With the 60 billion liters of water wasted in America in 2006 to make plastic bottles, one billion people could have been supported for 20 days:

$60 \text{ billion liters of water} / 3\text{ billion liters of water per one billion people per day} = 20 \text{ days}$

Although this number may seem insignificant compared to the 365 days in one year, this figure was from 2006 and just included water bottles bought in America. Today the amount of plastic water bottle consumption has increased even more throughout the world. It is important that citizens take other people and countries into consideration when purchasing unnecessary disposable plastic water bottles. In my next blog I will discuss alternatives to bottled water to help conserve and manage water more efficiently,

Hey! My name is Rachel and I’m a sophomore from about 15 minutes south of Washington, DC, majoring in Political Science with a minor in Energy, Environmental, and Mineral Economics. I’m taking this class, like most of you all, to satisfy a GQ, but also because the topic is genuinely something that I am interested in. When I was a sophomore in high school I was required to participate in my school’s science fair and when looking for a project idea, I stumbled on one relating to the resilience of certain ecosystems. Ever since then I’ve been overly interested in the environment and sustainability and it’s led me to various internship programs and even to a Youth Environmental Conference in Costa Rica where I was given the opportunity to give a presentation to Al Gore. What I understand of sustainability and resilience is that they are both a measure of strength. I think that resilience is a beautiful, naturally occurring process and sustainability is something that we can help attribute to.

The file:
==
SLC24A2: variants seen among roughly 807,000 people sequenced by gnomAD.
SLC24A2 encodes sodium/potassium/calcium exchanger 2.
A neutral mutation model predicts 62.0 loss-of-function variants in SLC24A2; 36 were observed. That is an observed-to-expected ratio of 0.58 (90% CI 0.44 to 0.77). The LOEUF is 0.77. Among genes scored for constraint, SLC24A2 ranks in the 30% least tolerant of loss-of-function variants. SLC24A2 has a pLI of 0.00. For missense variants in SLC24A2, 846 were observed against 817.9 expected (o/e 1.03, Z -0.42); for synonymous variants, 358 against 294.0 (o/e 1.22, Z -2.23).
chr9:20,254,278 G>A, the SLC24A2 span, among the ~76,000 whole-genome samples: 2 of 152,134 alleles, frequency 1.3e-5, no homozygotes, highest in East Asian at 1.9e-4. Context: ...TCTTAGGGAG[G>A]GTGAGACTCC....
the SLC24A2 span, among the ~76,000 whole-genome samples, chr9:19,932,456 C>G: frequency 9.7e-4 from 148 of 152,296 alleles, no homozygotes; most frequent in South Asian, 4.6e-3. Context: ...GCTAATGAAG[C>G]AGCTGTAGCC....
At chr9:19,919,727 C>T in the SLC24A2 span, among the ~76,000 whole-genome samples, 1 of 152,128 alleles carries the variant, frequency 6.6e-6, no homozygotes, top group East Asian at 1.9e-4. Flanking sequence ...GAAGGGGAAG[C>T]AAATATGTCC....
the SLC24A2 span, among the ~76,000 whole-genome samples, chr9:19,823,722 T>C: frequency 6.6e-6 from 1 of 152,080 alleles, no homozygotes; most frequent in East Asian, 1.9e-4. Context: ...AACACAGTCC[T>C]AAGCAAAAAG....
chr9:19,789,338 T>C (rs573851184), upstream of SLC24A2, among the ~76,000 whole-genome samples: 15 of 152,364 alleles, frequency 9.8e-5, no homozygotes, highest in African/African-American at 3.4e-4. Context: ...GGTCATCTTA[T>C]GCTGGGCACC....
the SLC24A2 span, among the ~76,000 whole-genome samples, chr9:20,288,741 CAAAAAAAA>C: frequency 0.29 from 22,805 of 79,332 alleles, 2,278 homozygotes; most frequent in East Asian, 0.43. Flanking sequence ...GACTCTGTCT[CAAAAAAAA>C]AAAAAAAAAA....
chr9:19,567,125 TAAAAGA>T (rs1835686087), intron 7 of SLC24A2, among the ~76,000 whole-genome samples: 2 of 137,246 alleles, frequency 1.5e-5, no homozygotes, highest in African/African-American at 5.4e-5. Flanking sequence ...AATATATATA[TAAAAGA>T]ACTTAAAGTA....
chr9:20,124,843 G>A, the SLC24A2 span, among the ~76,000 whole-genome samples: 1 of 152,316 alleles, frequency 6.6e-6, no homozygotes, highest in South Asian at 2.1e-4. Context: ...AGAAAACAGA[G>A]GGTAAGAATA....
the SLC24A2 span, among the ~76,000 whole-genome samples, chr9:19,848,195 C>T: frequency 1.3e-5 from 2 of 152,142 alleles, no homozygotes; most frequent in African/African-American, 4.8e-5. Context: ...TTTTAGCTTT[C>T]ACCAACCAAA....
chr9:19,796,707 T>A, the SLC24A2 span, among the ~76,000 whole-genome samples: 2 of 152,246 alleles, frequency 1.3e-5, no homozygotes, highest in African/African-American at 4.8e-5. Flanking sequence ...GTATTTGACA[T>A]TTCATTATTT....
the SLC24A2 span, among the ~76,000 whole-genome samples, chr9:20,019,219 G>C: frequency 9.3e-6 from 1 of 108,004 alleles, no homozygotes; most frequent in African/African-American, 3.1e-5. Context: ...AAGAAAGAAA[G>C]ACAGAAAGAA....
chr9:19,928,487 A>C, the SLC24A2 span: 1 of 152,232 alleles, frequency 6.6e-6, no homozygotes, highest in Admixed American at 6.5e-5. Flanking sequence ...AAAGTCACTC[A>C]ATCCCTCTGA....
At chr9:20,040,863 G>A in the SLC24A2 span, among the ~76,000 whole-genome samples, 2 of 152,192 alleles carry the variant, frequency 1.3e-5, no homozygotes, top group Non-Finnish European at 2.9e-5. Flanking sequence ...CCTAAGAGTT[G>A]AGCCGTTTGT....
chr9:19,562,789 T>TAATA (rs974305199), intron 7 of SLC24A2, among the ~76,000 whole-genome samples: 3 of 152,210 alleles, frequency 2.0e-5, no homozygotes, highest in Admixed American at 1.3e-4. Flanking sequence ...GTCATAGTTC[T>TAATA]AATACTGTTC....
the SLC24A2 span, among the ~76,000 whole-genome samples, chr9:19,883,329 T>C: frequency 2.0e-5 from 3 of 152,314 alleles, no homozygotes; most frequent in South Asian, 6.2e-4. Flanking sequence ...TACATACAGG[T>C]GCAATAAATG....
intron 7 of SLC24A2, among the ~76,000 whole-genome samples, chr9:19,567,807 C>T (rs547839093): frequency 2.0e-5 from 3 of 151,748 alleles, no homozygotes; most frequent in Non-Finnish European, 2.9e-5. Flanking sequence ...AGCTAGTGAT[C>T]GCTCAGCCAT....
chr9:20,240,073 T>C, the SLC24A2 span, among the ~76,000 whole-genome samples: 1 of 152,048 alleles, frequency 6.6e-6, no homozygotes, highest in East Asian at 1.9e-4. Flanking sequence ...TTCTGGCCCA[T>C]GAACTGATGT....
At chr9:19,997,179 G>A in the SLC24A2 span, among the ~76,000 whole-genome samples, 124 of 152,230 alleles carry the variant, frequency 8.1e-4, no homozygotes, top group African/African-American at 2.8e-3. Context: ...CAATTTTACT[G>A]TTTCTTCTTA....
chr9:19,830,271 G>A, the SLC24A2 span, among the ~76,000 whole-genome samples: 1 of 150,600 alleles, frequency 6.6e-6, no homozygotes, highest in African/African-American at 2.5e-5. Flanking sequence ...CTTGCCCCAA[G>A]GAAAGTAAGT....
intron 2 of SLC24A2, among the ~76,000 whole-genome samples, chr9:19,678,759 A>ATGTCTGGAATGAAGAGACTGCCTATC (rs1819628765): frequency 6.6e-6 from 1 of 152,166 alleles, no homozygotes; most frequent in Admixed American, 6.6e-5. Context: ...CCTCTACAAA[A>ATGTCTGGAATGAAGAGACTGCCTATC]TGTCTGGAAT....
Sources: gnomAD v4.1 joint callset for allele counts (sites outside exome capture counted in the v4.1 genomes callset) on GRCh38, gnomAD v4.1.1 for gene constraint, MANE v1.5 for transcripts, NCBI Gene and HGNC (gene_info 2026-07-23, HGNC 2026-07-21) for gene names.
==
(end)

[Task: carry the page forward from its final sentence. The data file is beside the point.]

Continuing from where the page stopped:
I love watching TED talks and here is a pretty cool one on environmental folklore with regards to humans and their decisions and then what impact those decisions have.

Hello, my name is Richie Katzenback and I am currently a sophomore studying psychology (the business option).  I am taking this class primarily to fulfill my GN requirement but I also am interested to see the value of the course after going to the first class.  Sustainability will undoubtedly be an issue for our generation and if we can do something to help the world that would be incredible.  In terms of hobbies i like to be active, I play lacrosse, ski, and hike.  I have a house right by camelback mountain, here is their website, http://www.skicamelback.com/ . In addition I like to read and hang out with friends.

This isn’t me